So while I’m doing all of this, dealing with my inferiority complex, I’m taking classes on the side. So I went there as an instructor, but something happened that made that job go away so I asked to stay there as a student. It was a wonderful experience so learning the theoretical constructs of leadership and management and also picking up the easiest Master’s Degree I’ve ever received, a Master’s Degree in Management from Salve Regina University in Newport, Rhode Island.

So it was very, very interesting. I was finishing a Master’s Degree and writing a Ph.D. dissertation at the same time.

Zarbock: What was your dissertation on, by the way?

Black: My dissertation in layman’s language was the Relationship of Depressive Affect to Deployment. Are people who are deployed more depressed or less depressed than those who stay behind. Well common sense would probably say you’re away from your family, you’re away from loved ones, you’re more depressed than those who are going home every night.

The data revealed that people who are underway, and I knew it in my heart of hearts, although I couldn’t tell my wife that, the people who are deployed and underway are actually less depressed than the people who go home every night (laughter). So that was one of the dissertations I wrote. The other dissertation I wrote was on Roles and Values, Conflicts of Military Chaplains, but that was – the one on depressive affect I did not let my wife read because I didn't want her to see the facts.

Zarbock: Well that’s clearly a high mark in diplomacy right there. Again we’re back to etiquette.

Black: You are not going to be married for 30 years without learning some diplomacy, trust me there.

Zarbock: Well continue on please.

Black: The advanced course was a wonderful, wonderful experience. We had subject matter experts coming in and training us. Then from there I went to MAG 31 which was an exciting experience. I had a Command Chaplain job, supervisory job, chaplains working for me and this was also during Desert Shield, Desert Storm, so it was an exciting time to be with Marines, particularly the aviation side of Marines because a number of our squadrons were involved in explaining things to Sadaam Hussein. That was an exciting, challenging, adrenalin pumping time.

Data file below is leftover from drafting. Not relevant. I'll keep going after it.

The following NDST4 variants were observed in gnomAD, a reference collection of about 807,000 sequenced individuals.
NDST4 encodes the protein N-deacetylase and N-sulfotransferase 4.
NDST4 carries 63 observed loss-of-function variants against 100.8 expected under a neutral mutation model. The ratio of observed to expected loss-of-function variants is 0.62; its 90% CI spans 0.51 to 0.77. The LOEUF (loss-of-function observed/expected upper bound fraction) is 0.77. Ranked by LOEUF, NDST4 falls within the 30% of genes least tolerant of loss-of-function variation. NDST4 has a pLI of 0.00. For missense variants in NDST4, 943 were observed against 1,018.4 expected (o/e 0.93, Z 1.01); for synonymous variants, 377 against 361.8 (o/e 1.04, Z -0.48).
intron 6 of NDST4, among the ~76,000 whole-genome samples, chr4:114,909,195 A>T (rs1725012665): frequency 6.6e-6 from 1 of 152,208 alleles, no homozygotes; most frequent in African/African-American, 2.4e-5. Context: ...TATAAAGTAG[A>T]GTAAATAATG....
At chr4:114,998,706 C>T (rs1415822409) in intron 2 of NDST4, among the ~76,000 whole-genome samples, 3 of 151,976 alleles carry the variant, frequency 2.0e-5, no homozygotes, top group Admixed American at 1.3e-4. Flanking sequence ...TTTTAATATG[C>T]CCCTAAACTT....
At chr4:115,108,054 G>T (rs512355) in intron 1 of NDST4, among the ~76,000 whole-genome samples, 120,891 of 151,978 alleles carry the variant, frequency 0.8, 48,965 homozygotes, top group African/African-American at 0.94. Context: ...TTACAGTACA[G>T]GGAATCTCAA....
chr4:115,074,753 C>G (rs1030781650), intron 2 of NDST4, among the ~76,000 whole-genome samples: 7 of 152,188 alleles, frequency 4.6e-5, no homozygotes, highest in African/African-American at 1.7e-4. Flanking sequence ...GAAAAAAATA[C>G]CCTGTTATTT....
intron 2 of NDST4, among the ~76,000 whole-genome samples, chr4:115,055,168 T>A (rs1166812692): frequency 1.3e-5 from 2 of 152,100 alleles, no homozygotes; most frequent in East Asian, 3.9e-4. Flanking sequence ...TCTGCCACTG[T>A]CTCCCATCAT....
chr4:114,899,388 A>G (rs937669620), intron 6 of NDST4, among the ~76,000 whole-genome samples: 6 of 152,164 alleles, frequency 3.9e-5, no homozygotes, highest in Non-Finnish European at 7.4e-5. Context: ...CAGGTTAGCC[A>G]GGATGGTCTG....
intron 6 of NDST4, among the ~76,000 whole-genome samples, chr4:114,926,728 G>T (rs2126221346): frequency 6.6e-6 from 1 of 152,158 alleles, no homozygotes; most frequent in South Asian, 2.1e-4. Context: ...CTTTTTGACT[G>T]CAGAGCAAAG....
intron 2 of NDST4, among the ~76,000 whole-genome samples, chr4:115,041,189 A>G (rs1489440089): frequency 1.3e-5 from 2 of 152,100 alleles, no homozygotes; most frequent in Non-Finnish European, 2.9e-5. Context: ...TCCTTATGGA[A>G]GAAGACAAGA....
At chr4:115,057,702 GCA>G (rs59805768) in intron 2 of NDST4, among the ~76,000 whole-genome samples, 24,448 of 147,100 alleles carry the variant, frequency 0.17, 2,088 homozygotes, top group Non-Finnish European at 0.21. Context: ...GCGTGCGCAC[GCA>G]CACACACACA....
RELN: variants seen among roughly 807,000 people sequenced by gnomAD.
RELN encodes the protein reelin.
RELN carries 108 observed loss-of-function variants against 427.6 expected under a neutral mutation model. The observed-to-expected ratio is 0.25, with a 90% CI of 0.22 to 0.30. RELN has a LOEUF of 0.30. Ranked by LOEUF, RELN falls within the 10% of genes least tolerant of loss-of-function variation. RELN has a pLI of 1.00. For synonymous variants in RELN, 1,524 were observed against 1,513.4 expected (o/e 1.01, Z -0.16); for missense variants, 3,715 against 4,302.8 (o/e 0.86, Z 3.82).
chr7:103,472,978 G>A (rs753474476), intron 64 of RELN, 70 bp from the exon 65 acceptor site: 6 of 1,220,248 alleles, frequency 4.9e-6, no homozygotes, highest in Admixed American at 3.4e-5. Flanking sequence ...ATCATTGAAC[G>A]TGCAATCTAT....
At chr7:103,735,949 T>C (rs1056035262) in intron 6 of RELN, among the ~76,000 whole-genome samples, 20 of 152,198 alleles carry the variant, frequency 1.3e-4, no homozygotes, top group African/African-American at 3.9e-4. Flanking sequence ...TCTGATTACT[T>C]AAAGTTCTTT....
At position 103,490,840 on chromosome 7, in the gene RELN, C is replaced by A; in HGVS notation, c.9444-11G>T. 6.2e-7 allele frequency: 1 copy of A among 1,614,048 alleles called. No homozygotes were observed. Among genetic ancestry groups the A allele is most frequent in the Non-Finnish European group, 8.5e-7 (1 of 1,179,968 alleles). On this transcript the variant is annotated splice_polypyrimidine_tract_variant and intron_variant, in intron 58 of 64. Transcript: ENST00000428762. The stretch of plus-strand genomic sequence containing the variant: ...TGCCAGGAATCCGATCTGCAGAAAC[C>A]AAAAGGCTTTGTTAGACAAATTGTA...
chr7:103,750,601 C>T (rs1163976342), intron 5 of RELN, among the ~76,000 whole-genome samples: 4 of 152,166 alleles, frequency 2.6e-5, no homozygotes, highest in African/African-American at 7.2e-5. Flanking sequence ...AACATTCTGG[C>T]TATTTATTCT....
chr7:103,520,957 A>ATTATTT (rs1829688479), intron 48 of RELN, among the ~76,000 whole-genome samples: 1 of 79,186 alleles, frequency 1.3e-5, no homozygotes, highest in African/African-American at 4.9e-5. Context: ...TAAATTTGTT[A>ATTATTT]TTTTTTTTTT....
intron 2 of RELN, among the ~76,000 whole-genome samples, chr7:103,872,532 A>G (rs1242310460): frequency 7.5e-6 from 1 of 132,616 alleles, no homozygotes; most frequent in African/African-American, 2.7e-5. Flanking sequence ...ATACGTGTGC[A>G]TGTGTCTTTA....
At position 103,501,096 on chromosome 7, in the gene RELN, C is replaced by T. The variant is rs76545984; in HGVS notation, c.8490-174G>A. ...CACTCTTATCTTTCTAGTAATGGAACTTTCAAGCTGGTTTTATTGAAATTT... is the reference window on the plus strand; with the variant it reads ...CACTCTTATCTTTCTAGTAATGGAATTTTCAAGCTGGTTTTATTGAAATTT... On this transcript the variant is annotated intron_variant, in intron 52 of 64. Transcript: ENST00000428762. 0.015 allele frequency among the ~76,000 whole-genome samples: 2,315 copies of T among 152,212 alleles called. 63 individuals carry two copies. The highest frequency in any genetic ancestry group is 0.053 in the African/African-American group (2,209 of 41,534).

From there I was short toured again to go to the Chief of Naval Education and Training in Pensacola, Florida and that was the fast lane that actually Rear Admiral White had something to do with. It was my first exposure to the world of the major claimant and to the political arena of echelons and force chaplains and claimant chaplains and learning a totally different environment from the pastoral necessary and the preaching and the counseling.

Zarbock: Give us a little definition and illustration of what you meant by the phrase fast lane.

Black: Well it’s the lane of those who will later be the leaders in the Corps, O-6’s and O-7’s and O-8’s quite frankly. These are the individuals who will see the big picture and who will be a part of policy making and decision making and the management of the entire Chaplain Corps. This was a foot in the door in beginning that process of learning and getting an education. It happened early.

I was a junior commander going there so that was a great, great time to begin to receive that education. That was a wonderful, wonderful opportunity where some big things started happening. You’ve heard of a famous occurrence called Tail Hook?

Zarbock: I’m sorry, years from now that won’t mean anything. Would you define tail hook? Isn’t that a device that’s on an aircraft carrier?

Black: That’s correct. Tail hook is a mechanism on an aircraft carrier that helps stop the jets that are coming in and have to stop on a postage stamp, almost, and there is an aviation organization in the Navy by that name. I don’t know if that organization still exists, but there used to be an organization by that name. At one of their conventions or meetings, some misbehavior occurred, to put it gently , that made the newspapers and made the Navy aware of a need to emphasize core values.

I was at the Chief of Naval Education and Training at the time. They wanted someone to chair a Quality Management Board, total quality language, to put together a Corps values package for the Navy and they wanted someone who had a doctorate because there were a lot of Ph.D.’s who would be working on the project.

Well one of my philosophies, my mother taught me was “ volunteer for everything!” (laughter). So I immediately raised my hand and volunteered for it and it was one of the best things that could ever happen to a junior O5, a junior commander. I ended up going to Washington with the three star to brief Admiral Kelso who was then Chief of Naval Operations on a number of occasions.

I became the voice for Corps values at that time. So it was a wonderful, wonderful thing to have written into the narrative of your fitness report as a fairly junior officer that you were the Chairman that happens to be responsible for the Quality Management Board that is putting together this wonderful initiative. So that was a great, great blessing. I learned so much about the training world. I was in charge of the funded Graduate Education Program.